This section is from the book "An Illustrated Flora Of The Northern United States, Canada And The British Possessions Vol3", by Nathaniel Lord Britton, Addison Brown. Also available from Amazon: An Illustrated Flora of the Northern United States, Canada and the British Possessions. 3 Volume Set..
Annual or perennial glabrous pubescent or hirsute herbs, with small or rather large purple yellow red or white flowers, loosely verticillate-clustered in terminal dense or interrupted spikes, or also in the upper axils. Calyx mostly campanulate, 5-10-nerved, 5-toothed, the teeth nearly equal in our species. Corolla purple in our species, its tube narrow, not exceeding the calyx, the limb strongly 2-lipped; upper lip erect, concave, entire or emarginate; lower lip spreading, 3-cleft, the middle lobe broader than the lateral ones, sometimes 2-lobed. Stamens 4, didynamous, ascending under the upper lip of the corolla, the anterior pair the longer, sometimes deflexed or twisted after anthesis; anthers contiguous in pairs, 2-celled, the sacs mostly divergent. Ovary deeply 4-lobed; style 2-cleft at the summit into subulate lobes. Nutlets ovoid or oblong. [Greek, a spike, from the spicate inflorescence.]
About 160 species, of wide geographic distribution in the north temperate zone, a few in South America and South Africa. Besides the following, some 20 others occur in the southern and southwestern United States. Type species: Stachys germanica L.
1. Leaves, or some of them narrowed or acute at the base, linear to oblong or lanceolate.
Stem glabrous or nearly so, sometimes sparingly hirsute on the angles; leaves nearly or quite entire. Leaves 1"-2 1/2" long, linear.
1. S. hyssopifolia.
Leaves 2"-s" wide, oblong to linear-oblong.
2. 6. atlantica.
Stem retrorsely hirsute; leaves serrate.
Stem hirsute only on the angles; leaves slightly pubescent.
3. S. ambigua.
Stem densely hirsute all over; leaves densely pubescent.
4. S. arentcola.
2. Leaves rounded, cordate or truncate at the base, oblong, ovate or lanceolate. Leaves all subsessile or short-petioled.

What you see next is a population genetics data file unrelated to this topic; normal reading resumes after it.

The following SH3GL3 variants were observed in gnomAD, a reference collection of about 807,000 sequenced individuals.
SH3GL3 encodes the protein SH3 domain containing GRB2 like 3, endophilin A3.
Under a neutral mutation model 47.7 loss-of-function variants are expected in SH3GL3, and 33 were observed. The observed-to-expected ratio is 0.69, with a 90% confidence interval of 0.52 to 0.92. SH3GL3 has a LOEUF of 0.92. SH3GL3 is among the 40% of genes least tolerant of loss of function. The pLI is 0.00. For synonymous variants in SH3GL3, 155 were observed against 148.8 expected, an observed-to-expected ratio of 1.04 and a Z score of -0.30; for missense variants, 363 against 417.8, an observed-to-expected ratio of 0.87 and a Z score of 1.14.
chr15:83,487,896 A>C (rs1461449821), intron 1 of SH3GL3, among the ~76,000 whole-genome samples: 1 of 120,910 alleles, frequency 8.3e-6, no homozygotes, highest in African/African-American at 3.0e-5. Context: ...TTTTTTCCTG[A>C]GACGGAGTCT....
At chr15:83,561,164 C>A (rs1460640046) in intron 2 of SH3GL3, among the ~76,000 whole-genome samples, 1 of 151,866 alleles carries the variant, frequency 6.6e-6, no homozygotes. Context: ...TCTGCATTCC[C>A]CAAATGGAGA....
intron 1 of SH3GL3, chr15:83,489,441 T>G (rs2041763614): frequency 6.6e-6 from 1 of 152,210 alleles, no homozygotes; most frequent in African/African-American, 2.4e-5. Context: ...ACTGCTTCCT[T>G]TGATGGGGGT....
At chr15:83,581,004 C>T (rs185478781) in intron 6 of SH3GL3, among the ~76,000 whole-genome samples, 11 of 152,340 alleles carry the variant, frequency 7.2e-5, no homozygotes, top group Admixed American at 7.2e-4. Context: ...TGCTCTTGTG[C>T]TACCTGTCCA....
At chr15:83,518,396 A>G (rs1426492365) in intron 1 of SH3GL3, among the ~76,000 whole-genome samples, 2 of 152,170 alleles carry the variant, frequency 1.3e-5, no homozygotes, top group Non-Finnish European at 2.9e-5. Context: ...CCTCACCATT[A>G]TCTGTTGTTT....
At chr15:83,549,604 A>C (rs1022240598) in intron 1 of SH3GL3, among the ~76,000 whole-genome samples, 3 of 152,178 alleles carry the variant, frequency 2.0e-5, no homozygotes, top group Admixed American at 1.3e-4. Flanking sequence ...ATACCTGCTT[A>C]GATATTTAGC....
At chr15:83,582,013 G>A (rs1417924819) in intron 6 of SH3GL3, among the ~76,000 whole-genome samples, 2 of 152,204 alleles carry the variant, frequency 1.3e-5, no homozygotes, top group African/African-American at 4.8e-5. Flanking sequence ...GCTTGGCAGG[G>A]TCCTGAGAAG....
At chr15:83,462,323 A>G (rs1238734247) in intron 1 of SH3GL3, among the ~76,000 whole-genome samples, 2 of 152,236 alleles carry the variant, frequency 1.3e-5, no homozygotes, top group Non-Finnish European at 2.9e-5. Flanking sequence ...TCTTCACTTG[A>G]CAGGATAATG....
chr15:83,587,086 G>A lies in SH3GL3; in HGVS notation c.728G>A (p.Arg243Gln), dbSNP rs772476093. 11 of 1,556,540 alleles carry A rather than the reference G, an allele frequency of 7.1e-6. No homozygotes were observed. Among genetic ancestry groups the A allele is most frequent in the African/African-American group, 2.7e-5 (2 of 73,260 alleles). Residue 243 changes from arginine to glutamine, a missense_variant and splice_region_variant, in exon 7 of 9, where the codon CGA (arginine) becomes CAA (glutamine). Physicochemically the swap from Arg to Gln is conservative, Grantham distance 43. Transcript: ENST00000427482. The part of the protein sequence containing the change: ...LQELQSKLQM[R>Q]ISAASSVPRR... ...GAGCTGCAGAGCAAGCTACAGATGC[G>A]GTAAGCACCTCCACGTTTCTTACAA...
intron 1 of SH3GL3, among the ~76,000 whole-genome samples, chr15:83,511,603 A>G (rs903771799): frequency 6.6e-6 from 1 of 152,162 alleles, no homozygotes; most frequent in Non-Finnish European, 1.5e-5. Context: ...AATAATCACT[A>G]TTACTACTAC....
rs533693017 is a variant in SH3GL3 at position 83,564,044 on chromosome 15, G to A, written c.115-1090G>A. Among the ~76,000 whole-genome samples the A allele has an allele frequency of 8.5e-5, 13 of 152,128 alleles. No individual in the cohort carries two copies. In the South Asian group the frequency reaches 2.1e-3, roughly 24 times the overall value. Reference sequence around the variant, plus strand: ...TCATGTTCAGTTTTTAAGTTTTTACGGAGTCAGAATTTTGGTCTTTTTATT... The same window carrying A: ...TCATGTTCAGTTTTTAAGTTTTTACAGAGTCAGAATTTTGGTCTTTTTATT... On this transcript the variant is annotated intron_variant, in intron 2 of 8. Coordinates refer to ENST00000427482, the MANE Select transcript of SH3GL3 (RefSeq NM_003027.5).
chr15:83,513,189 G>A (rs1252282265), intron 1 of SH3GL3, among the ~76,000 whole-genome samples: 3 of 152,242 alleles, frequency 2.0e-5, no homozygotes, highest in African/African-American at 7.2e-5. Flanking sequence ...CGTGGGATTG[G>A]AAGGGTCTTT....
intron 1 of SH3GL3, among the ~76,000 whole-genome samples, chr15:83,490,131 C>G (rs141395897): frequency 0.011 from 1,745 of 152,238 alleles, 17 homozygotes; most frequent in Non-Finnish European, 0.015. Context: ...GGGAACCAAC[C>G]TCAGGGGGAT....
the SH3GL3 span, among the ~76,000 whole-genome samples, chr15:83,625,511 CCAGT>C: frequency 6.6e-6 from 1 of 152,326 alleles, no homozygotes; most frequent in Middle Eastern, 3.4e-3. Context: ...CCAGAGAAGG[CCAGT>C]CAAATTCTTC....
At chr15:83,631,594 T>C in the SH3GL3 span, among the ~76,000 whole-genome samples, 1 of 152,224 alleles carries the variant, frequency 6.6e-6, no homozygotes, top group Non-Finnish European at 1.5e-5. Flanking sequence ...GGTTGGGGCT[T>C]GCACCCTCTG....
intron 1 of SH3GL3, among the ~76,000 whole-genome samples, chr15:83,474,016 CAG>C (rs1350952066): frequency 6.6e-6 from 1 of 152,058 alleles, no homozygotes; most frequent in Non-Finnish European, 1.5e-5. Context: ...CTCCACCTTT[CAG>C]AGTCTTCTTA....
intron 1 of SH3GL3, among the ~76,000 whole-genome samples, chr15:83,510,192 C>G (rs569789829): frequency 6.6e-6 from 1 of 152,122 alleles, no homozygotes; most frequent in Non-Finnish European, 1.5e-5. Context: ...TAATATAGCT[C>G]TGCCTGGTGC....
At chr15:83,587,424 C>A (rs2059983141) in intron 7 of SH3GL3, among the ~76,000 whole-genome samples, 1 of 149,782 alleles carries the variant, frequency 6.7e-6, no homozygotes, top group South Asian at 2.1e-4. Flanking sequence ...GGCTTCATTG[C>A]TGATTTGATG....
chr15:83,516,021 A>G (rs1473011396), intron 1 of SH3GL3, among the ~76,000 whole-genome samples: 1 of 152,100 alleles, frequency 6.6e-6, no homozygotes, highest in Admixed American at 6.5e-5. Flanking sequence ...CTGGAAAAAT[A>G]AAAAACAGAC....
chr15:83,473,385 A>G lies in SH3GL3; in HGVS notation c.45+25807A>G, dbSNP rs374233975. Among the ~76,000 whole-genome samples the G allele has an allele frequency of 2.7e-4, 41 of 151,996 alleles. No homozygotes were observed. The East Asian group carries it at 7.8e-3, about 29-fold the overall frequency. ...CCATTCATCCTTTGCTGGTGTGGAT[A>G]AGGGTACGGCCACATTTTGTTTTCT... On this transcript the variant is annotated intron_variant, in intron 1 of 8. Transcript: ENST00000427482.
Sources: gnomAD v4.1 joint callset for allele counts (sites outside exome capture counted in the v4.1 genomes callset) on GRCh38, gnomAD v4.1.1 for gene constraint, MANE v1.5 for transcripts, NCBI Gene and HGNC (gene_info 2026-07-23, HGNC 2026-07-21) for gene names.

Glabrous or very nearly so, the stem-angles sparsely bristly.
5. S. latidens.
Stem retrorsely hirsute; leaves pubescent. Leaves lanceolate to oblong-lanceolate.
6. S. palustris.
Leaves ovate to oblong-ovate.
Leaves, at least the lower, slender-petioled. Stem glabrous, or nearly so.
8. S.. tenuifolia.
Stem retrorsely hirsute or villous.
Petioles less than one-fourth as long as the blades. Pubescence hirsute.
9. S. aspera.
Pubescence short, dense.
10. S. salvioides.
Petioles, at least those of lower leaves, about one-half as long as the deeply cordate blades.
11. S. cor data.
Plant low, hirsute.
12. S. arvensis.
Plant tall, densely villous.
13. S. germanica.
Perennial, glabrous or very nearly so throughout, sometimes slightly hirsute at the nodes; stem slender, usually branched, erect or nearly so, 1°-1 1/2° long. Leaves thin, linear, acute at both ends, or the uppermost rounded at the base, short-petioled or sessile, entire, or sparingly denticulate with low teeth, 1-2' long, 1"-2 1/2" wide, the uppermost reduced to short floral bracts; clusters few-several-flowered, forming an interrupted spike; calyx glabrous or slightly hirsute, 2"-3" long, its teeth lanceolate-subulate, nearly as long as the tube; corolla about 7" long, light purple, glabrous.
In fields and thickets, Massachusetts to Florida, Indiana, Michigan and Virginia. July-Sept.